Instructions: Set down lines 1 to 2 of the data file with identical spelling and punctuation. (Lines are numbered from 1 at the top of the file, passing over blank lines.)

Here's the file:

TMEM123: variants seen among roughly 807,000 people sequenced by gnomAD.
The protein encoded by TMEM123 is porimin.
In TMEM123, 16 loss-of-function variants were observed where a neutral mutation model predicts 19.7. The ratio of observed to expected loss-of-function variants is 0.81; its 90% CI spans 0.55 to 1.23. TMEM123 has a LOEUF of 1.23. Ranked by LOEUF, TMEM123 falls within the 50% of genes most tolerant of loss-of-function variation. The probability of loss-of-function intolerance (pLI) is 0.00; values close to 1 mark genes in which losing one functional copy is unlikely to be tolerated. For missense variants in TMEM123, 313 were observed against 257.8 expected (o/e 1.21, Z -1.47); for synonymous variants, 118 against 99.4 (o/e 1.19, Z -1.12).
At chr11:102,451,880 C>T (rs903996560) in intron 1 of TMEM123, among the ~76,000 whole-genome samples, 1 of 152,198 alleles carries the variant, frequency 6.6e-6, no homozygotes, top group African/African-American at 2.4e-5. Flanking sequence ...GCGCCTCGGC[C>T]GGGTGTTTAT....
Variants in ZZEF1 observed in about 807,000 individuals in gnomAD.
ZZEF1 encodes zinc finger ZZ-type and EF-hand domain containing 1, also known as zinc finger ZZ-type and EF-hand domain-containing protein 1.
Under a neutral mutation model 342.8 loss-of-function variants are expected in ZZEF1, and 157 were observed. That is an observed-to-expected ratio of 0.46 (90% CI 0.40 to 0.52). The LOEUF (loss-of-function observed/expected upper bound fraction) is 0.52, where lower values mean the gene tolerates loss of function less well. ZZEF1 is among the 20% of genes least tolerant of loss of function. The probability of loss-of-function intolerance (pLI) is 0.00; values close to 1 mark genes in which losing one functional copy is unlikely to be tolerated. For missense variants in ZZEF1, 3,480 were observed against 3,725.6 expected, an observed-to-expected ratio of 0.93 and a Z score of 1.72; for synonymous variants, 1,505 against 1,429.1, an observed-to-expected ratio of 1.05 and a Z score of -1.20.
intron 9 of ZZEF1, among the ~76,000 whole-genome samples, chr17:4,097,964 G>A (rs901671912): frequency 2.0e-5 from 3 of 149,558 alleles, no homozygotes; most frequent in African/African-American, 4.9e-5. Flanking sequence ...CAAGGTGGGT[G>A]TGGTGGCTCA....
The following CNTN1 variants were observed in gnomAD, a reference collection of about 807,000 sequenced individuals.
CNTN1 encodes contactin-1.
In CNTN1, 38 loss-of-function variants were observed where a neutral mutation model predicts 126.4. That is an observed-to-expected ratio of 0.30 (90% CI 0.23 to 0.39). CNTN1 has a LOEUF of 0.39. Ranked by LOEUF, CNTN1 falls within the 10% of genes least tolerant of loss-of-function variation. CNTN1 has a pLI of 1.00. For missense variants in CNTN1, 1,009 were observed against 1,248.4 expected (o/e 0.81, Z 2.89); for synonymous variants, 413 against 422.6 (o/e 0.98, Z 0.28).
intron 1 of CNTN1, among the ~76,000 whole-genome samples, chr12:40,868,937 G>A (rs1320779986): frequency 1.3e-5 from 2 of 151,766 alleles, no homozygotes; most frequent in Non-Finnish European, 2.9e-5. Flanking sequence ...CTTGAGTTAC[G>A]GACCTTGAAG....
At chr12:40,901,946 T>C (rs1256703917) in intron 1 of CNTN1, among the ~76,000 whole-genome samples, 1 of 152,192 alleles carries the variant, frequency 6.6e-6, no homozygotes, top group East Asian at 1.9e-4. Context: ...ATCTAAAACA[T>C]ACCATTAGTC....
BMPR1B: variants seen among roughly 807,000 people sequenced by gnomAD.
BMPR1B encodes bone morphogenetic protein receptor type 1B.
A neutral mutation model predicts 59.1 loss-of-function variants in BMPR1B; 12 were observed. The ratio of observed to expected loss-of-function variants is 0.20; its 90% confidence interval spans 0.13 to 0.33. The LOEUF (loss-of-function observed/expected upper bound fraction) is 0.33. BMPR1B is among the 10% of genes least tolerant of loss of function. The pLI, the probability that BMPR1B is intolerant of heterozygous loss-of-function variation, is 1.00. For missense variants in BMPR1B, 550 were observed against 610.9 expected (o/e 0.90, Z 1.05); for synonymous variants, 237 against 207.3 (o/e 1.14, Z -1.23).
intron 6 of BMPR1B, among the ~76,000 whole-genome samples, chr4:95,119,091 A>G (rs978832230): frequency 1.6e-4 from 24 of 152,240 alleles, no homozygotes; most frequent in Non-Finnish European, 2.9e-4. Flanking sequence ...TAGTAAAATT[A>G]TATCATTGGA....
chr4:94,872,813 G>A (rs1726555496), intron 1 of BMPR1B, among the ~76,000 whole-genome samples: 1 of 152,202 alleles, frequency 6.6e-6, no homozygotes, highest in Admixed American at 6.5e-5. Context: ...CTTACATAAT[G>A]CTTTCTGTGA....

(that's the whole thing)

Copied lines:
TMEM123: variants seen among roughly 807,000 people sequenced by gnomAD.
The protein encoded by TMEM123 is porimin.